The son of Olympias and the murdered Macedonian king Philip II, Alexander killed his father's murderer and anyone who threatened the throne. Philip II taught Alexander Macedonian warfare, horsemanship, and academics. Aristotle tutored Alexander.
He was very harsh to affirm his rule. When Greeks revolted after hearing false rumors of Alexander's death, Alexander killed or enslaved the people of Thebes.
In 334 BCE, Alexander conquered Asia Minor.
Alexander won at the Battle of Issus against the Persian Empire led by ther Persian Great King Darius III. Darius fled and left his mother, wife and children. Alexander captured Darius's family but respected them.
Alexander captured the Phonician coast (cities of Sidon, Tyre, Gaza).
Subsequent cities surrendered and joined the Macedonian Empire.
In 332 BCE, Alexander entered Egypt. The Egyptian priests declared Alexander pharaoh and the incarnation of their god Amon. Alexander founded the city Alexandria on the delta. He founded a cosmopolitan center in Egypt, bringing Egypt into Mediterranean economy and culture.
In 331 BCE at Gaugamela, Alexander defeated the Persians and Babylon welcomed him as a liberator.
In 330 BCE at Persepolis, Alexander faced resistance but captured and burned Persepolis to the ground.
Darius was assassinated by his own guard.
Alexander like Homer's Iliad and identified himself with Achilles.
Alexander defeated the Indian king, but his army did not want to go on. Alexander cried because of his troops' mutiny, but he turned back with them. They explored around the Arabian sea and reached Mesopotamia. However, Alexander died of alcohol abuse and fever in 323 BCE.
Alexander sent Greek and Macedonian colonists to new cities he established. He encouraged intermarriage of Greeks and Macedonians with Asians. He married the Darius's daughter and a Asian tribal king's daughter named Roxane. He accepted Persian soldiers and commanders and taught 30,000 Asian boys the Greek language and Macedonian fighting. He adopted Persian robes and courtly ceremonies.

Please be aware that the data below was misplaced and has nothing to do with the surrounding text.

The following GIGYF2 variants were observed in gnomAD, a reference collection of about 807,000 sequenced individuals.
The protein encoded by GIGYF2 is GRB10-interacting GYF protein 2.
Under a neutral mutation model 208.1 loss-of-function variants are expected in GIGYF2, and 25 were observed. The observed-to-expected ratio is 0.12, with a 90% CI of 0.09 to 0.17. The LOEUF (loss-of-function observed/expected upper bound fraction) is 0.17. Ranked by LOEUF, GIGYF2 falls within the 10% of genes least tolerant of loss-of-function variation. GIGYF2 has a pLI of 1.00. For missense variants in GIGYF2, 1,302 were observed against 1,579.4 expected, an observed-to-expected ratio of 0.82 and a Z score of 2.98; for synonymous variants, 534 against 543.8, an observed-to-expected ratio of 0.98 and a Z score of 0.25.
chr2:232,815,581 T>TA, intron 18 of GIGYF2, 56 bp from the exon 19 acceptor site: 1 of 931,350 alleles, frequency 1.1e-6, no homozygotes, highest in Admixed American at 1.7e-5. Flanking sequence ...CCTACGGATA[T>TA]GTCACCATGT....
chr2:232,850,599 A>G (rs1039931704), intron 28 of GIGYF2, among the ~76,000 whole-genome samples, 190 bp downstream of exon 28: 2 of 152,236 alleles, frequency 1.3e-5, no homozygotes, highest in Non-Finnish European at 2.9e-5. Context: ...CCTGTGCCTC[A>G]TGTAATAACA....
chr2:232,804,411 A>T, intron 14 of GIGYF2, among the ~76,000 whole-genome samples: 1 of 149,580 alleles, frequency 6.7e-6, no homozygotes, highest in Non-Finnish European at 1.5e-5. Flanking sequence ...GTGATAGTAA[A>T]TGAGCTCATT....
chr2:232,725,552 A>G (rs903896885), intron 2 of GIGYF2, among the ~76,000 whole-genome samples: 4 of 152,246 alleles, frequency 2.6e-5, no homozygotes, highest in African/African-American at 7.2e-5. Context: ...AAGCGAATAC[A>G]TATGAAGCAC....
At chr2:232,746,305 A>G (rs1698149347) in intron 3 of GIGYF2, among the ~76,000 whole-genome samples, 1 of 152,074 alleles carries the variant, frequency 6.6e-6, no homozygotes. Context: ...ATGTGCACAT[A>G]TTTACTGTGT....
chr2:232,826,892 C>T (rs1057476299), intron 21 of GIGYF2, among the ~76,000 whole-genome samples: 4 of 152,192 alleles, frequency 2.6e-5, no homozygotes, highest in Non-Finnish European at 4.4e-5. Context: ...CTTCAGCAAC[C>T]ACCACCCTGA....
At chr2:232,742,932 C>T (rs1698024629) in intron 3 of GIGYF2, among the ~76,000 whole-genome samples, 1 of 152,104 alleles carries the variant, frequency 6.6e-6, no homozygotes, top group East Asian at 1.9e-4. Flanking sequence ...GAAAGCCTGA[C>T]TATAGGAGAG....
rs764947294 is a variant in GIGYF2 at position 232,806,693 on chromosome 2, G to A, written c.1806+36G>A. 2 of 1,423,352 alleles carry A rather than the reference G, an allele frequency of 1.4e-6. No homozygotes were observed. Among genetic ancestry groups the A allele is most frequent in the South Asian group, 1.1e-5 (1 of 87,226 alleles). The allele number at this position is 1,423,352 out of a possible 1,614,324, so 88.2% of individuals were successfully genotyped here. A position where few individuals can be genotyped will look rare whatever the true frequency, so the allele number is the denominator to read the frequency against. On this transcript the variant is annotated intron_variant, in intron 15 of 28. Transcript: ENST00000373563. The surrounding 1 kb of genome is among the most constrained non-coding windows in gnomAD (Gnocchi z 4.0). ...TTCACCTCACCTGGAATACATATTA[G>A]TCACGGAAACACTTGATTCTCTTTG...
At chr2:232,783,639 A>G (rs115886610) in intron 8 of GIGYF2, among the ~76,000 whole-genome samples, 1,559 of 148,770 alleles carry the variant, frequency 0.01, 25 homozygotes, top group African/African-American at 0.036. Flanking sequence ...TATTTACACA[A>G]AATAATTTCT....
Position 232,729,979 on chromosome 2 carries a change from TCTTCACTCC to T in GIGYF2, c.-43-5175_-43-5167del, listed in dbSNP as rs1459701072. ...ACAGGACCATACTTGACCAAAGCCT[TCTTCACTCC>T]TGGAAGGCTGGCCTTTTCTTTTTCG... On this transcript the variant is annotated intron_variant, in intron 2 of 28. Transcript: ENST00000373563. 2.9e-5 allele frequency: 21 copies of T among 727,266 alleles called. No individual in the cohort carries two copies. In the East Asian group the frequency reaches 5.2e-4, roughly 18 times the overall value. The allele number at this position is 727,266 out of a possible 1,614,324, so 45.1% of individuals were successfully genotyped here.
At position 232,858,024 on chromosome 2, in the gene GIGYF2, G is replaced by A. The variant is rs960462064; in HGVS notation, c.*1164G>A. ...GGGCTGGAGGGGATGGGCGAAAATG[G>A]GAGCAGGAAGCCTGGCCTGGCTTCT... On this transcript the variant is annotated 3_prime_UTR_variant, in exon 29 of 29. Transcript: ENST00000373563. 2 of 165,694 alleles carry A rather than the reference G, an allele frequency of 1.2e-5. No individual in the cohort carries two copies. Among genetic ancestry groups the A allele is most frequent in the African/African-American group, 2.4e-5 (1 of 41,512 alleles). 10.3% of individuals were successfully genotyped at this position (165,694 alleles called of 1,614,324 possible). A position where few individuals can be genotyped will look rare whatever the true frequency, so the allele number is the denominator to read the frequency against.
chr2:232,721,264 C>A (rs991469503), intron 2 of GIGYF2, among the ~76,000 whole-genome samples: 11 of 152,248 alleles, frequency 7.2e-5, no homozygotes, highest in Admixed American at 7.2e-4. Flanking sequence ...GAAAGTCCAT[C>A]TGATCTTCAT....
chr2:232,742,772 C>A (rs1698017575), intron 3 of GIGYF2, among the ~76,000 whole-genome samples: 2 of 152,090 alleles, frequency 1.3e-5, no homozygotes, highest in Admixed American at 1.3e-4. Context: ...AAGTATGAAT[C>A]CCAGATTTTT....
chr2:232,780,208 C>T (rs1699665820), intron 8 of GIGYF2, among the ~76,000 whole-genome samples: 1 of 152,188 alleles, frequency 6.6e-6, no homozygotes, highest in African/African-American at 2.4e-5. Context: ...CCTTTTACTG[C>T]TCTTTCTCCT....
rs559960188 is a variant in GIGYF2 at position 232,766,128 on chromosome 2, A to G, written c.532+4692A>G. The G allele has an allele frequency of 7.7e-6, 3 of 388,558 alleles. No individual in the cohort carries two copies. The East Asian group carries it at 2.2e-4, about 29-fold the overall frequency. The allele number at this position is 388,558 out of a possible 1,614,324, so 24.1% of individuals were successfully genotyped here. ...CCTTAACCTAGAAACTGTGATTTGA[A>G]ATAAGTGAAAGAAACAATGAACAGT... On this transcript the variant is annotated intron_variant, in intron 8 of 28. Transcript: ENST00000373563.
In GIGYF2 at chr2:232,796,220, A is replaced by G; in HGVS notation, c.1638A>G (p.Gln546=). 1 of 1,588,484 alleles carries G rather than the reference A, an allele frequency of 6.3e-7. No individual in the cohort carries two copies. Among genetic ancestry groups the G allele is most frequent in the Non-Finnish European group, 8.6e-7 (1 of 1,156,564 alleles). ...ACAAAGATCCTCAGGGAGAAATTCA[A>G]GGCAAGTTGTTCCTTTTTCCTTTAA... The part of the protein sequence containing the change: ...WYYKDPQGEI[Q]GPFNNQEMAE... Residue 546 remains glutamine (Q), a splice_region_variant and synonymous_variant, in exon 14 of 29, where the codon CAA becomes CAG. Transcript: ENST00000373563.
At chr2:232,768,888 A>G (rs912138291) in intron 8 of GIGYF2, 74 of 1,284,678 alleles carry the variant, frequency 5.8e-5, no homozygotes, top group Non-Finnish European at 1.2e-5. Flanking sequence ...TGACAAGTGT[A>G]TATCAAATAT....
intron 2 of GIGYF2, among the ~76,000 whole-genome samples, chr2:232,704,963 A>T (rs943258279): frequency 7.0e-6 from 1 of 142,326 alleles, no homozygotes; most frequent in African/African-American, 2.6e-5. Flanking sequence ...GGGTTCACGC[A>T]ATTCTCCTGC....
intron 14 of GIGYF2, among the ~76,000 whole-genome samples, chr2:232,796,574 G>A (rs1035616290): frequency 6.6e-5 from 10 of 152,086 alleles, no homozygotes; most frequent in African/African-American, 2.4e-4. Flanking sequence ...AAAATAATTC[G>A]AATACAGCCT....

He said that the kingdom should "go to the strongest", and so his ruled lands split into the Seleucid, Ptolemaic, and Antigonid Kingdom.

Hannibal Barca

247 BCE - 183 BCE

A Carthaginian general who fought in the Second Punic War.

Publius Cornelius Scipio

236 BCE - 183 BCE

Roman General who fought against Hannibal Barca of Carthage.

Marius

157 BCE - 86 BCE

He was the first general to come to power by army support. He was an equestrian tribune who supported the populares (commoners).
--Created a professional army with payroll and promises of land
--Defeated the Numidians in Africa and the Celts to the north
--Sidekick Lucius Cornelius Sulla, who became Marius's enemy

Sulla

138 BCE - 78 BCE

An aristocrate who supported the optimates (senate). He was a consul in 88 BCE for the Social War and commanded six legions and earned governorship in Asia.

--Sulla came to Rome to confront Marius. They fought in Rome and destroyed the city.
--He fought Mithridates, a king in Asia Minor, who was threatening Rome's borders.
--Sulla named himself dictator for an unlimited term. He killed his political opponents.

Tiberius Graccus

133 BCE

Tiberius Graccus is elected tribune of the plebeians in 133 BCE, the same year he is assassinated.
--Proposed a law to redistribute public land to landless Romans
--Announced his running for reelection, but senators and followers beat Tiberius and his followers to death.

Gaius Gracchus

123 BCE - 122 BCE

Gaius Gracchus became tribune to continue Tiberius's work. He appealed to more Roman people.
1) Built granaries, roads, and bridges to improve grain distribution and create jobs
2) Made grain more affordable
3) Gave equestrians more influence in wealthy provinces
4) Opened new Asian provinces to equestrian tax collectors
5) Placed equestrians in courts that tried provincial governors

Senate thought Gaius wanted to destroy the Senate, so the Senate had Gaius and his followers killed and undid Gaius's reforms.

Pompey

106 BCE - 48 BCE

One of the rulers in the First Triumvirate who represented the optimates.
He married Caesar's daughter to make peace between them, but she died and they continued to fight for power.
After the civil war between Pompey and Caesar, Pompey fled to Egypt and was assassinated.

Julius Caesar

100 BCE - 44 BCE

--General who sank heavy timbers into the Rhine River to build a bridge for his military to cross.
--One of the First Triumvirate
--49 BCE: Caesar/Pompey civil war
--48 BCE: Caesar meets Queen Cleopatra VII, who joins him in Rome
--48 BCE: Names himself dictator for life

1) reformed the grain dole
2) Established a public works program
3) Colonizes around the Mediterranean
4) Julian calendar (current calendar today)
5) Shrank the role of the optimates

Sixty senators murder Caesar at the Pompey's statue
43 BCE: Coin with assassins' daggers was issued "Ides of March"

Marc Antony

83 BCE - 30 BCE